# Serenji - Getting Started

Serenji from George James Software (GJS) is an extension for Visual Studio Code (VSCode), allowing you to edit and debug InterSystems ObjectScript code directly in the namespaces where that code executes. No exporting and importing of files is necessary.

Serenji includes an embedded edition of the Deltanji source code management product from GJS. A separate VSCode extension integrates Deltanji with VSCode as a source control provider that you can interact with from the Source Control viewlet. Contact GJS for more information about that extension. You can also access Serenji's embedded Deltanji through its web browser UI.

# Installation

Use the Extensions viewlet in VSCode (Ctrl/⌘+Shift+X) to search for Serenji and install it.

Alternatively, download it as a VSIX file from https://georgejames.com/files/vscode-serenji-3.0.2.vsix and use the "..." menubutton in upper right corner of the Extensions viewlet to choose "Install from VSIX..."

To edit and debug code on an InterSystems environment you must first prepare it. Eligible environments must be running InterSystems IRIS Data Platform (herafter abbreviated as 'IRIS'), or Cache, Ensemble or HealthShare. The minimum InterSystems version supported by the standard extension kit is 2009.1. If you need support for earlier versions, email support@georgejames.com for advice.

## Install the Serenji software

The following instructions apply to all supported environments. They should also be followed to upgrade Serenji software on environments previously set up for use with an earlier version of this extension.

References to IRIS apply equally to Caché, Ensemble and HealthShare environments.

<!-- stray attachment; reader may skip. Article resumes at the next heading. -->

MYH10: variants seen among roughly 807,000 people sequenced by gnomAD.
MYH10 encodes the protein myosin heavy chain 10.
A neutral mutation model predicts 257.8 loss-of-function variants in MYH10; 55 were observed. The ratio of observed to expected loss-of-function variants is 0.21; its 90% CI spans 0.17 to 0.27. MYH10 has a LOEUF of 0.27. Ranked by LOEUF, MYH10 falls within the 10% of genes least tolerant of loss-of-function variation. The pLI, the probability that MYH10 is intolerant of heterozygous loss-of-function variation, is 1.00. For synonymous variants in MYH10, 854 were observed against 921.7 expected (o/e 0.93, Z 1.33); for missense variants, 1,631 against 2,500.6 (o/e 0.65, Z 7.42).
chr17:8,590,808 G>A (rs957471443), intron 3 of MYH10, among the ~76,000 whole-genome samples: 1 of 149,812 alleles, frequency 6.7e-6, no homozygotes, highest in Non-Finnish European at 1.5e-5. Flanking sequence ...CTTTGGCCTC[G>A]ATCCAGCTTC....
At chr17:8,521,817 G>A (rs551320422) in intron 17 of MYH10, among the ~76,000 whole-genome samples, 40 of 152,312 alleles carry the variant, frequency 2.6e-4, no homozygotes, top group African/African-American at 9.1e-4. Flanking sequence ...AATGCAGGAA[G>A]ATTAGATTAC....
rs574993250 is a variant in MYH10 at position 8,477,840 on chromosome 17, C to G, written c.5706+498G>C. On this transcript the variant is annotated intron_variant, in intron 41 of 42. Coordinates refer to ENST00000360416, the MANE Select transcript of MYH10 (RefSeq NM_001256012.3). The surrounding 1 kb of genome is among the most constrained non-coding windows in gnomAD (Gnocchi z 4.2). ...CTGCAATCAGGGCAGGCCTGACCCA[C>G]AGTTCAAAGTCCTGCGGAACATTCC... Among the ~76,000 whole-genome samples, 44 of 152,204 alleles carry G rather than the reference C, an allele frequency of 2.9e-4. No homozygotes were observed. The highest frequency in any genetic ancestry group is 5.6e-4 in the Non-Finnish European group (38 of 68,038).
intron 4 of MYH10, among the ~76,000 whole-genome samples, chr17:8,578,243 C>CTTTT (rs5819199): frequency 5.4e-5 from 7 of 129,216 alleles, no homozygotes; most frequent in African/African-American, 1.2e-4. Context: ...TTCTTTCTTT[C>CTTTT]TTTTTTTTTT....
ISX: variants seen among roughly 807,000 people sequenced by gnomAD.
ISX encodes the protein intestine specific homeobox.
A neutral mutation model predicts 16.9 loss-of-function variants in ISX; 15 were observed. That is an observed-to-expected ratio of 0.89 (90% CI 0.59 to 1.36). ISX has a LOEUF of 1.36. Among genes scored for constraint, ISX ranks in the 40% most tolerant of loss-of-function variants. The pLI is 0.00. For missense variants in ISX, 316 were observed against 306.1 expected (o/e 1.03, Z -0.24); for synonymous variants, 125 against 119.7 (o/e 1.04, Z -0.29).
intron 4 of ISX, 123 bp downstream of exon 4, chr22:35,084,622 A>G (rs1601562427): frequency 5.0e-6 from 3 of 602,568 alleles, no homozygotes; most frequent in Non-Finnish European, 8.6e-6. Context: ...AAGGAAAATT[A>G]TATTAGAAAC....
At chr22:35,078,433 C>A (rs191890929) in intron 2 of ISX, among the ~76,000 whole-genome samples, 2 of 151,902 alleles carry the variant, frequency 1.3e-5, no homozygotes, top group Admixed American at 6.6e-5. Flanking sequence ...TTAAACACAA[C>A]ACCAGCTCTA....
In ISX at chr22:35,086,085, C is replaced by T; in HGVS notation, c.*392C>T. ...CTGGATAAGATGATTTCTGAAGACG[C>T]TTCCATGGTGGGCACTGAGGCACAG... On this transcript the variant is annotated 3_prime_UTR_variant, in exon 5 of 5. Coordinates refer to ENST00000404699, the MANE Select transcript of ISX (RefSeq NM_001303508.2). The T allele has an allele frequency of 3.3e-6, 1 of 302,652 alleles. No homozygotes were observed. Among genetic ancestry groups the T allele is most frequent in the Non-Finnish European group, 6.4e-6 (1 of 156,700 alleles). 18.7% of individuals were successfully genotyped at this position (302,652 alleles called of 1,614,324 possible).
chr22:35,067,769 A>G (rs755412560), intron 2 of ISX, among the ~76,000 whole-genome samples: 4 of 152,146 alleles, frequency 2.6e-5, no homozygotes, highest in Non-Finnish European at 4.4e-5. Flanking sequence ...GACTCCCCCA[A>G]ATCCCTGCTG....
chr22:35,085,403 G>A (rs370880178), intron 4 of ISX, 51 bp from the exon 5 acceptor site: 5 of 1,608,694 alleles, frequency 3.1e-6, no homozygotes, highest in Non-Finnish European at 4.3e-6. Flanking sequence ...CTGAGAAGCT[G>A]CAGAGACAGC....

Proceed as follows:

2. Unzip it. The zip contains a filetree rooted in a directory called Serenji.

3. Move the unzipped Serenji directory to where you want the software to be located long-term. On a Windows host this could be C:\Serenji. We recommend you avoid putting it under C:\Program Files\ as, depending on your exact configuration, that location may cause permission issues during the installation.

4. Open a Terminal session in IRIS, authenticating as a user with maximum privileges (e.g. holding the %All role), such as SuperUser. This level of permission is necessary so that the install script can add a namespace, a database and a web application to your IRIS configuration.

5. Optionally, enable terminal logging in case you have installation problems and need advice from GJS. If you are using InterSystems Terminal use the Logging... option on Terminal's File menu.

The next step imports and compiles a class called Serenji.Installer. This contains a classmethod that you will later run to create a database for the Serenji code and the embedded Deltanji source control repository. The Serenji.Installer class can be loaded into any existing namespace. We suggest you use the USER namespace if it is available.

1. Switch to the USER namespace. Load and compile the class from the Serenji.Installer.xml file in the directory of your unpacked Serenji kit, e.g.

%SYS>zn "USER"

USER>d $system.OBJ.Load("C:\Serenji\Serenji.Installer.xml","c") 2. Now invoke its RunInstall method, passing as a parameter the path to the root of your Serenji kit, e.g. USER>d ##class(Serenji.Installer).RunInstall("C:\Serenji\") 3. When this completes, turn off terminal logging if you previously enabled it. 4. Review the output for any error messages. If you are unsure whether the installation succeeded, contact support@georgejames.com 5. You may now tidy up by deleting the Serenji.Installer class from the namespace you imported and ran it in, e.g. USER>d$system.OBJ.Delete("Serenji.Installer.cls")

6. If your target environment is a failover member of an InterSystems mirroring configuration you will probably want to add the SERENJI database, namespace and other settings to the other failover member so that it can host your editing and debugging whenever it takes over as master.

## Start the Serenji Service

The Serenji Service is an ObjectScript process (%Serenj830) that must be running before the Serenji extension can connect VSCode to that InterSystems environment.

Start it in the SERENJI namespace which was created when you installed the Serenji software on the environment. An interactive startup asks what port it should listen on (default is 43211) and what port range to use for the inbound data connection (default is the single port 43212):